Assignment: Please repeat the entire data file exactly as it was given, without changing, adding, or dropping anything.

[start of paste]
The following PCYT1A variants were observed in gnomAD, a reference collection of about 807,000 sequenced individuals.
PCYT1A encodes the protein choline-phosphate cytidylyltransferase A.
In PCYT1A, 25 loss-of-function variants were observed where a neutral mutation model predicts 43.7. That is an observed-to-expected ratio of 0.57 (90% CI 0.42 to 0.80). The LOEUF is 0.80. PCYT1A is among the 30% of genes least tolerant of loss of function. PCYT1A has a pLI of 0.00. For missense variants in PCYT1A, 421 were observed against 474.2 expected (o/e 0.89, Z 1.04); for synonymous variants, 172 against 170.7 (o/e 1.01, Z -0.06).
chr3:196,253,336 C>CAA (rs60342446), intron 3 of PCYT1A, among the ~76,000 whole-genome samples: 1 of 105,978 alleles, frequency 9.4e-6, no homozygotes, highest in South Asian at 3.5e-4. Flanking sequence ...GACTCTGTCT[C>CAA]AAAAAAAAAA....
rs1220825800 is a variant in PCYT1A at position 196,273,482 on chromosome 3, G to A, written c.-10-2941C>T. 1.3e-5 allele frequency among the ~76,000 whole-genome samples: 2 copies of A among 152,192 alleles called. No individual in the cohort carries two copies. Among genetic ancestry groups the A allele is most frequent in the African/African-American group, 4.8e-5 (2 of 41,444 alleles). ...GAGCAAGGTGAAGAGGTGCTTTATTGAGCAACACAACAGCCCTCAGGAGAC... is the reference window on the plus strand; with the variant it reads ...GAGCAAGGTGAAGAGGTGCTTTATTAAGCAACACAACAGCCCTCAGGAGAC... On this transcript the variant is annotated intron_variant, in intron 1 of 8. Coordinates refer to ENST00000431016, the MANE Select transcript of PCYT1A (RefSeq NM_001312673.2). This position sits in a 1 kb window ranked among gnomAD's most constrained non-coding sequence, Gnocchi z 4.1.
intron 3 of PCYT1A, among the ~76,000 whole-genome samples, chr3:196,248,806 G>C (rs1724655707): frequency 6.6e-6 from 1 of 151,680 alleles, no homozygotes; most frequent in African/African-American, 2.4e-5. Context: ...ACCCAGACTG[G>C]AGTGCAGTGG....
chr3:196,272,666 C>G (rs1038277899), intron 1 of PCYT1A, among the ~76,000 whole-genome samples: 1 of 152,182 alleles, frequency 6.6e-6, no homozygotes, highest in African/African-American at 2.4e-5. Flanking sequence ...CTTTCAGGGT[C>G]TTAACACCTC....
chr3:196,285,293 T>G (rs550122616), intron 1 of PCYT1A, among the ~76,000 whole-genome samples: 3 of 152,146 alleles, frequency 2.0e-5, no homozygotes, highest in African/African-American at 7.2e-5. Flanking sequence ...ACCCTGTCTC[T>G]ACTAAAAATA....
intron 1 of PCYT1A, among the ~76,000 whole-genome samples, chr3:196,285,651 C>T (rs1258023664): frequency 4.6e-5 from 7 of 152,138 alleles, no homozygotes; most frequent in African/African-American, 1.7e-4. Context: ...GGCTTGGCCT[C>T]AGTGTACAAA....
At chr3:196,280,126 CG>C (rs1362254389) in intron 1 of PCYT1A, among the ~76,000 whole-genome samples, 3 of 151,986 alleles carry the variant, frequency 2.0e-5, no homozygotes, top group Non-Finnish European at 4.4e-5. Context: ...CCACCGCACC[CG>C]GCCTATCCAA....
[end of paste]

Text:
The following PCYT1A variants were observed in gnomAD, a reference collection of about 807,000 sequenced individuals.
PCYT1A encodes the protein choline-phosphate cytidylyltransferase A.
In PCYT1A, 25 loss-of-function variants were observed where a neutral mutation model predicts 43.7. That is an observed-to-expected ratio of 0.57 (90% CI 0.42 to 0.80). The LOEUF is 0.80. PCYT1A is among the 30% of genes least tolerant of loss of function. PCYT1A has a pLI of 0.00. For missense variants in PCYT1A, 421 were observed against 474.2 expected (o/e 0.89, Z 1.04); for synonymous variants, 172 against 170.7 (o/e 1.01, Z -0.06).
chr3:196,253,336 C>CAA (rs60342446), intron 3 of PCYT1A, among the ~76,000 whole-genome samples: 1 of 105,978 alleles, frequency 9.4e-6, no homozygotes, highest in South Asian at 3.5e-4. Flanking sequence ...GACTCTGTCT[C>CAA]AAAAAAAAAA....
rs1220825800 is a variant in PCYT1A at position 196,273,482 on chromosome 3, G to A, written c.-10-2941C>T. 1.3e-5 allele frequency among the ~76,000 whole-genome samples: 2 copies of A among 152,192 alleles called. No individual in the cohort carries two copies. Among genetic ancestry groups the A allele is most frequent in the African/African-American group, 4.8e-5 (2 of 41,444 alleles). ...GAGCAAGGTGAAGAGGTGCTTTATTGAGCAACACAACAGCCCTCAGGAGAC... is the reference window on the plus strand; with the variant it reads ...GAGCAAGGTGAAGAGGTGCTTTATTAAGCAACACAACAGCCCTCAGGAGAC... On this transcript the variant is annotated intron_variant, in intron 1 of 8. Coordinates refer to ENST00000431016, the MANE Select transcript of PCYT1A (RefSeq NM_001312673.2). This position sits in a 1 kb window ranked among gnomAD's most constrained non-coding sequence, Gnocchi z 4.1.
intron 3 of PCYT1A, among the ~76,000 whole-genome samples, chr3:196,248,806 G>C (rs1724655707): frequency 6.6e-6 from 1 of 151,680 alleles, no homozygotes; most frequent in African/African-American, 2.4e-5. Context: ...ACCCAGACTG[G>C]AGTGCAGTGG....
chr3:196,272,666 C>G (rs1038277899), intron 1 of PCYT1A, among the ~76,000 whole-genome samples: 1 of 152,182 alleles, frequency 6.6e-6, no homozygotes, highest in African/African-American at 2.4e-5. Flanking sequence ...CTTTCAGGGT[C>G]TTAACACCTC....
chr3:196,285,293 T>G (rs550122616), intron 1 of PCYT1A, among the ~76,000 whole-genome samples: 3 of 152,146 alleles, frequency 2.0e-5, no homozygotes, highest in African/African-American at 7.2e-5. Flanking sequence ...ACCCTGTCTC[T>G]ACTAAAAATA....
intron 1 of PCYT1A, among the ~76,000 whole-genome samples, chr3:196,285,651 C>T (rs1258023664): frequency 4.6e-5 from 7 of 152,138 alleles, no homozygotes; most frequent in African/African-American, 1.7e-4. Context: ...GGCTTGGCCT[C>T]AGTGTACAAA....
At chr3:196,280,126 CG>C (rs1362254389) in intron 1 of PCYT1A, among the ~76,000 whole-genome samples, 3 of 151,986 alleles carry the variant, frequency 2.0e-5, no homozygotes, top group Non-Finnish European at 4.4e-5. Context: ...CCACCGCACC[CG>C]GCCTATCCAA....